Delicate. Thin. Crispy. Wafer like. This is how I would describe this classic, authentic, Italian cookie: Pizzelle della Nonna. This amazing recipe for pizzelle is an easy, simple, no butter recipe, that can simply be flavored with vanilla, anise. or even chocolate. Includes storage tips on how to keep pizzelle crispy.
According to history, the first pizzelle cookies were made in the region of Abruzzo (geographically located in Central Italy) back in the 8th century. These highly recognizable Italian cookies get their shape by flattening the batter between two hot iron plates (just like waffles). These plates (rectangular or round) often had the pattern of the family crest engraved on them.
Nowadays, the imprint can be a geometric/waffle design, a flower or even a snowflake pattern.
When pizzelle are removed from the iron plate, they are extremely malleable. You literally have a few seconds to drape it over a bowl, or to wrap them around cannoli tubes to get your desired shape (cannoli, bowl, tulip, cone, etc great for custard or ice cream). Alternately, you can lay them flat.
Pizzelle recipes will always include these four basic ingredients:
- flour and
- a fat source.
The quantities and the type of fat used will determine the texture and thickness of the pizzelle; and as for the flavoring, it really is a question of taste. My personal preference is the flavor of my childhood, vanilla.
In my nonna’s Italian dialect, these simple cookies were referred to as “ferratelle”. My dad’s mother was born in Ripabottoni, in the province of Campobasso, in the Italian region of Molise. I have so many fond memories of my mom and my grandmother making these special treats, especially at Christmas.
I can remember eating pizzelle faster than they could make them. Back then, my mom and grandmother would make the “ferratelle” one at a time, with a stove top press with long handles. Imagine the afternoons spent making pizzelle when the basic recipe called for one dozen eggs…a dozen!!!
The cookies were made religiously every two weeks and they were stored in a bread box which was placed in the pantry. No bread in that box – only pizzelle. There were probably near a hundred of them, all stacked up, ready to be eaten as an after school snack or placed on the table when family and friends came over.
HOW TO OBTAIN PIZZELLE THAT STAY CRISPY:
After witnessing my grandmother making pizzelle for decades, here is what I do:
- as soon as the they come out of the press, lay flat (I use a cooling rack);
- do not stack them as the steam will cause them to lose their crispiness;
- once all the pizzelle are done, allow them to air dry overnight.
I will usually spread them out on the dining room table in small stacks of 3-4 and place a strip of wax paper loosely over the top. The following morning, I store them.
HOW TO STORE PIZZELLE:
If you do not have a bread box, here are other ways you can store these delicate treats to keep them nice and crisp:
- wrapped in aluminum foil, at room temperature;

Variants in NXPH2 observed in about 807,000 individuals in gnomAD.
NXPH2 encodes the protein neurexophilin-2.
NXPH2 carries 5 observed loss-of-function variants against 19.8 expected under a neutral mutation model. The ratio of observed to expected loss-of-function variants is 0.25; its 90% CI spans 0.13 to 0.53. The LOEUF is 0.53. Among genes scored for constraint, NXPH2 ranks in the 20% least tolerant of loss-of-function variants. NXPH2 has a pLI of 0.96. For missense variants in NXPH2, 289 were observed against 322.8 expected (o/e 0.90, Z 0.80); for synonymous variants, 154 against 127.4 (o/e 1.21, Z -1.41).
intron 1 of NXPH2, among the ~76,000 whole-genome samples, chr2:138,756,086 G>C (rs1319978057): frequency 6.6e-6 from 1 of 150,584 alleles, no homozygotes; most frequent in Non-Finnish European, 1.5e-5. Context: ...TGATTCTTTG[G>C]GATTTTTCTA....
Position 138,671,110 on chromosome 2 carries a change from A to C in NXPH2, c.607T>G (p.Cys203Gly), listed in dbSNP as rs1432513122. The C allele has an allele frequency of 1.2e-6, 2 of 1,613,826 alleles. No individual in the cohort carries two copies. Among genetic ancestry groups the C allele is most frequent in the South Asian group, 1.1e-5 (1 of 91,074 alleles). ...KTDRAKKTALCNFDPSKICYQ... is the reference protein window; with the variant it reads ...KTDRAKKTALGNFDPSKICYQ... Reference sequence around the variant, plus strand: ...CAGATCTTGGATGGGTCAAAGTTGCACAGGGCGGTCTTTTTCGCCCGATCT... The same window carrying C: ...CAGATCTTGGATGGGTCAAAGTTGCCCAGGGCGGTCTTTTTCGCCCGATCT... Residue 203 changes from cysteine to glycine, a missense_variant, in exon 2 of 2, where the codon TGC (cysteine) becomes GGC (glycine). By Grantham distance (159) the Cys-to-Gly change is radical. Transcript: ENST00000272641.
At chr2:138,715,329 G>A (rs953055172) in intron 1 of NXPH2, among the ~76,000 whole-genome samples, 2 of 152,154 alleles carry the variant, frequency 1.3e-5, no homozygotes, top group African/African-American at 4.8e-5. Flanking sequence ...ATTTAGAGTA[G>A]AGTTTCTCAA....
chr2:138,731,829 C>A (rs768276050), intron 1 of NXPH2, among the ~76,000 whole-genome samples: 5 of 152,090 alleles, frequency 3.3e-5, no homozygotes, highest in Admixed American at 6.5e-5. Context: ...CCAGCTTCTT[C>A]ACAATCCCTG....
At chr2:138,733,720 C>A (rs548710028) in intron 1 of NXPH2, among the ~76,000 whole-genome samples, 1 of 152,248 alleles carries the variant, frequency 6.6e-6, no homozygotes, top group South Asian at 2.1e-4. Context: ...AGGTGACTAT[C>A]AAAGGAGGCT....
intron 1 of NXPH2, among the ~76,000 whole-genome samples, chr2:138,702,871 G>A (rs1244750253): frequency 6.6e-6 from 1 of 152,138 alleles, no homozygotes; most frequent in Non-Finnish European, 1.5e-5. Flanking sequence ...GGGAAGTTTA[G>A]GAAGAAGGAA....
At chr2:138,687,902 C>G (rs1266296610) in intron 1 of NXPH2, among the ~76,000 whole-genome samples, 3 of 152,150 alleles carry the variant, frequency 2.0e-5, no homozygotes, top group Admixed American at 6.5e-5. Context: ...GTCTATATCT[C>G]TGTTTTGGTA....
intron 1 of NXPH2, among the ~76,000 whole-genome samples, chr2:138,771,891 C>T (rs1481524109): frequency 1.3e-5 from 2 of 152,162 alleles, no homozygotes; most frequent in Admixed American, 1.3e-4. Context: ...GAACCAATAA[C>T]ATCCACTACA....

- placed in cookie or coffee tins;
- paper bags.
Pizzelle stored in this manner will keep well for a few weeks. Whatever you do, do not place them in plastic or airtight containers (like Tupperware) as the will get soft.
Have you ever noticed that with time, the anise flavor intensifies in pizzelle? That’s why they are such a great cookie to start your holiday baking with.
ORIGINS OF THE RECIPE FOR PIZZELLE:
When my grandmother passed away, we found a small notebook which had some recipes written in it. It is remarkable to me that a woman, born in 1908, in a small village, in the middle of nowhere, learned to read and write. This little booklet symbolizes so much more than recipes.
This is truly priceless.
I have scaled down the original recipe, but if required, it can easily be doubled…or quadrupled and stored in your bread box 🙂
Pizzelle della Nonna
Delicate. Thin. Crispy. Wafer like. This is how I would describe this classic, authentic, Italian cookie: Pizzelle della Nonna. This recipe for pizzelle is an easy, simple, no butter recipe, that can simply be flavored with vanilla or anise. Did you know you can also make chocolate pizzelles?
- 1 1/4 - 1 1/2 cups all purpose flour
- 3/4 teaspoon baking powder
- pinch salt
- 3 eggs room temperature
- 1/2 cup sugar
- 1/4 cup vegetable oil
- 1 teaspoon vanilla extract
- 1 teaspoon anise extract optional
- Preheat pizzelle iron.
- In a medium mixing bowl, sift together flour, baking powder and salt. Set aside.
- In a large mixing bowl or the bowl of an electric mixer fitted with the whisk attachment, beat the eggs until frothy and beginning to thicken (about 3-4 minutes).
- Add sugar. Continue to whisk until well thickened.
- Add the oil and extracts. Mix well together.
- Slowly add the flour mixture until well combined, dough will be soft and sticky.
- Drop 1 tablespoon of batter on hot pizzelle press.
- Close lid and cook 30 - 45 seconds or until slightly golden.
- Remove from press with the help of a fork.
- Transfer to flat surface or mold into desired shape.
Special Equipment needed to make this recipe is a iron.
To make chocolate pizzelle use 1 cup all purpose flour sifted with 1/4 cup unsweetened cocoa powder (I do not use the anise flavor-only vanilla).
Please keep in mind that the nutritional information provided below is just a rough estimate and variations can occur depending on the specific ingredients used.
Ciao for now!
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2015.12.22 This post has been updated.